Couple without home after Hurricane Ian sinks boat they were living on

A couple learned the boat they lived on sank Friday as Hurricane Ian pounded the North Charleston marina where it was moored.
Published: Oct. 4, 2022 at 4:15 PM EDT|Updated: Oct. 4, 2022 at 7:38 PM EDT
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CHARLESTON, S.C. (WCSC) - Henry and Teresa Chaney have been living on boats since 2005.

When Ian was coming towards the Lowcountry, they decided they were going to ride the storm out on “The Benchwarmer,” the 38-foot boat they live on. But that was before they found out Ian had intensified into a hurricane.

“I looked at my wife and I said, are you ready to die tonight if this storm takes us?,” Henry Chaney said. “And she looks at me and she says, no not tonight.”

The couple decided to leave their boat behind at its North Charleston marina. On the day of the storm, Chaney got a call from another boat owner at the marina, who said “The Benchwarmer” sunk. That boat owner, Bryan Keil, caught it all on camera.

“It’s amazing how fast your dream can be wiped away,” Keil said.

Chaney said when he heard the news, his “heart died.” It was a total loss. But luckily for the Chaneys, they had insurance.

Now, days after the storm, the U.S. Coast Guard joined Tow Boat US and an environmental company to pump the diesel off the boat. With so much diesel onboard, they decided to take the diesel off while it was still underwater.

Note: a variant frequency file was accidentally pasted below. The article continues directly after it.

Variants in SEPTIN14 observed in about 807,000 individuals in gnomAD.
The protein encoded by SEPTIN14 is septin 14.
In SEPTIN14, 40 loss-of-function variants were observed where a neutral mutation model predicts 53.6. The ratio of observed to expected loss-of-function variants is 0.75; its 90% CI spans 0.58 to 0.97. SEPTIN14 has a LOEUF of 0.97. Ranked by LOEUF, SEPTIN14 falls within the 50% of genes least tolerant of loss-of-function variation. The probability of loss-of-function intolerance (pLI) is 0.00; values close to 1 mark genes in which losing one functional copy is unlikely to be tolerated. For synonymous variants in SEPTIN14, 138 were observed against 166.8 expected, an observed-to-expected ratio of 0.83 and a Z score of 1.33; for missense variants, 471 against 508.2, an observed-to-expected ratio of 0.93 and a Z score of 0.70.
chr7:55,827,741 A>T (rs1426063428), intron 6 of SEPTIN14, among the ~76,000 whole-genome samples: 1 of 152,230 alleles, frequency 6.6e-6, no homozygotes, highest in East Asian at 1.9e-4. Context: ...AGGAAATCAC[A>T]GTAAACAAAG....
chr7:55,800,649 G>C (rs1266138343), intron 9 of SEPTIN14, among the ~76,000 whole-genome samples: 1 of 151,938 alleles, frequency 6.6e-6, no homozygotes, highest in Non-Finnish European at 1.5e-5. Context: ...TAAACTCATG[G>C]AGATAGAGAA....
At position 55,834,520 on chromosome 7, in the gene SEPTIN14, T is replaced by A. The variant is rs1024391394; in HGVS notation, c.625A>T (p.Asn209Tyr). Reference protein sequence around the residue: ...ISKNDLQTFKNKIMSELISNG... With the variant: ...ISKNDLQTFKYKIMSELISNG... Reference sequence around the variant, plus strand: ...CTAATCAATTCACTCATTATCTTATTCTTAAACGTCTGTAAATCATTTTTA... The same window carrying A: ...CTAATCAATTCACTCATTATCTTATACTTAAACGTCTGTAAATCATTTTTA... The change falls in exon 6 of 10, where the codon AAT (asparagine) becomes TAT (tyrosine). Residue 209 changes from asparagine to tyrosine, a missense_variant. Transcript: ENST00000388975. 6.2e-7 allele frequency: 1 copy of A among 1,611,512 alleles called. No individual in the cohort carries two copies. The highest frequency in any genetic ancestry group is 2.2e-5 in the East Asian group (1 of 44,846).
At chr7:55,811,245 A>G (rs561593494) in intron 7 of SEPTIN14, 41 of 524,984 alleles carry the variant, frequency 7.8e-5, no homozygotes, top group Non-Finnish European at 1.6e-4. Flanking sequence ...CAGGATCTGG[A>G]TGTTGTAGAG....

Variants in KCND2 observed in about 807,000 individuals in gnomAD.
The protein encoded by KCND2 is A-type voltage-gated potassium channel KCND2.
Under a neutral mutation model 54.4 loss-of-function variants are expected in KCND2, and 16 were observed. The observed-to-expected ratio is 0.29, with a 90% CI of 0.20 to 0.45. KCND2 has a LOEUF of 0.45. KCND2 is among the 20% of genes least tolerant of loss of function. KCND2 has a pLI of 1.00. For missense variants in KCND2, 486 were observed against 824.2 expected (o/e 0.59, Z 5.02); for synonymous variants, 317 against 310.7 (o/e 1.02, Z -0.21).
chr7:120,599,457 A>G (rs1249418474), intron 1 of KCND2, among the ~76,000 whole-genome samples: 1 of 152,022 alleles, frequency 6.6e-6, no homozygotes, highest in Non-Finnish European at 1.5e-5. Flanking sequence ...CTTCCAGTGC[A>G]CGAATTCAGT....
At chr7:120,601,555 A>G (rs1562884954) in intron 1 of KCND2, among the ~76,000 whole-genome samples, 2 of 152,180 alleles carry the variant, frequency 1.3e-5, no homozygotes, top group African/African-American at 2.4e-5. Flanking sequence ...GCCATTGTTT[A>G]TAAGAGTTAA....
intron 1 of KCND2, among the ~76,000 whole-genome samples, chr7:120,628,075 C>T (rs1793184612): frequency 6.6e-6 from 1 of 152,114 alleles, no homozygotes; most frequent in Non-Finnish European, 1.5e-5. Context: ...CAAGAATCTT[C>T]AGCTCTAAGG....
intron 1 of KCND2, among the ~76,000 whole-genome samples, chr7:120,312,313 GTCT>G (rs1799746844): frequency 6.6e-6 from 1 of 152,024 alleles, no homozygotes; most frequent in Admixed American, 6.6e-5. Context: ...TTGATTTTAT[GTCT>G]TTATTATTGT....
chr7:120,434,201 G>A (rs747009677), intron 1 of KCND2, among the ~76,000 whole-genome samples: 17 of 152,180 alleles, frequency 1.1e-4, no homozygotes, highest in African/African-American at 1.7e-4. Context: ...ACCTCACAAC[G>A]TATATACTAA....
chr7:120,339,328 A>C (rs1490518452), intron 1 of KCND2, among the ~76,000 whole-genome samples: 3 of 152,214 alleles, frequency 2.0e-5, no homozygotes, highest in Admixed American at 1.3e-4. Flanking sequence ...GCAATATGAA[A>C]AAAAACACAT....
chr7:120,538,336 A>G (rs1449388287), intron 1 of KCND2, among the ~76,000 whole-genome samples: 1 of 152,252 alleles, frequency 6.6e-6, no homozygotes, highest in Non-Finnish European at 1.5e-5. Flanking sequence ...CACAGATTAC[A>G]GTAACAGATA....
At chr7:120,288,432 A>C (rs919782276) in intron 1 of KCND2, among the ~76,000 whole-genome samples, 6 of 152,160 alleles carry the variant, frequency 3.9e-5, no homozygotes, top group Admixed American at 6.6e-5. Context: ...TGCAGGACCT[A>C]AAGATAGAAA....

“We have to make sure that we identify which vessels are at risk of polluting the environment and take the necessary action to quickly get those pollutants off in a timely fashion,” Co-owner of Tow Boat US Charleston and Santee Cooper Lakes Joseph Abeyta said. “It’s a delicate environment and we need to make sure we do everything we can to protect it.”

Abeyta says they often find owners that don’t have insurance. He says that’s crucial for boat owners to have.

Soon, barges and cranes will be brought in to lift up the boat and pump out the water so it can be disposed of.

In the meantime, the Chaneys have been living in a camper in a family member’s yard.

Inside the boat are pictures of the couple’s children and grandchildren, along with items given to them from family members that have passed away. All those items are now underwater.

Chaney said he will never stop boating, despite the heartache.

“God has a sense of humor when it comes to nature,” Chaney said. “If he wants to show you who is really in charge, he will do it.”